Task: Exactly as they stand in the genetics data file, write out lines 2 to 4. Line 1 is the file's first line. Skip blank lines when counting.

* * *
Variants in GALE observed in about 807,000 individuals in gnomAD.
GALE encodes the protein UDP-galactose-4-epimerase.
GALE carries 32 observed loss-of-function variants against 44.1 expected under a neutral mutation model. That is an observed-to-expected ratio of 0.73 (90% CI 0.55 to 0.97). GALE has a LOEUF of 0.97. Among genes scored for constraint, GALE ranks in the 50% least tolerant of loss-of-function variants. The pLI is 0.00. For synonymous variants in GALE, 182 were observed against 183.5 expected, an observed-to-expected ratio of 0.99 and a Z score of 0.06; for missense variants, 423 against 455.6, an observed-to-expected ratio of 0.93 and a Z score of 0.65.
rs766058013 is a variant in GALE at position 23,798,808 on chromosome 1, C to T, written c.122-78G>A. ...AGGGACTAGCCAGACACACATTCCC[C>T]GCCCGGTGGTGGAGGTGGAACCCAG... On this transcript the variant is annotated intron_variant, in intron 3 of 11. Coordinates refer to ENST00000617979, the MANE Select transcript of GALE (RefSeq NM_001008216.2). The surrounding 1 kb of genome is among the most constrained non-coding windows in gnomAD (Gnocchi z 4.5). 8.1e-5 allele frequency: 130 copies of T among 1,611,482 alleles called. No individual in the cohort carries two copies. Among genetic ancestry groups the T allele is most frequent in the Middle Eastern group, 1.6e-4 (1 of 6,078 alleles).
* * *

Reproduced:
GALE encodes the protein UDP-galactose-4-epimerase.
GALE carries 32 observed loss-of-function variants against 44.1 expected under a neutral mutation model. That is an observed-to-expected ratio of 0.73 (90% CI 0.55 to 0.97). GALE has a LOEUF of 0.97. Among genes scored for constraint, GALE ranks in the 50% least tolerant of loss-of-function variants. The pLI is 0.00. For synonymous variants in GALE, 182 were observed against 183.5 expected, an observed-to-expected ratio of 0.99 and a Z score of 0.06; for missense variants, 423 against 455.6, an observed-to-expected ratio of 0.93 and a Z score of 0.65.
rs766058013 is a variant in GALE at position 23,798,808 on chromosome 1, C to T, written c.122-78G>A. ...AGGGACTAGCCAGACACACATTCCC[C>T]GCCCGGTGGTGGAGGTGGAACCCAG... On this transcript the variant is annotated intron_variant, in intron 3 of 11. Coordinates refer to ENST00000617979, the MANE Select transcript of GALE (RefSeq NM_001008216.2). The surrounding 1 kb of genome is among the most constrained non-coding windows in gnomAD (Gnocchi z 4.5). 8.1e-5 allele frequency: 130 copies of T among 1,611,482 alleles called. No individual in the cohort carries two copies. Among genetic ancestry groups the T allele is most frequent in the Middle Eastern group, 1.6e-4 (1 of 6,078 alleles).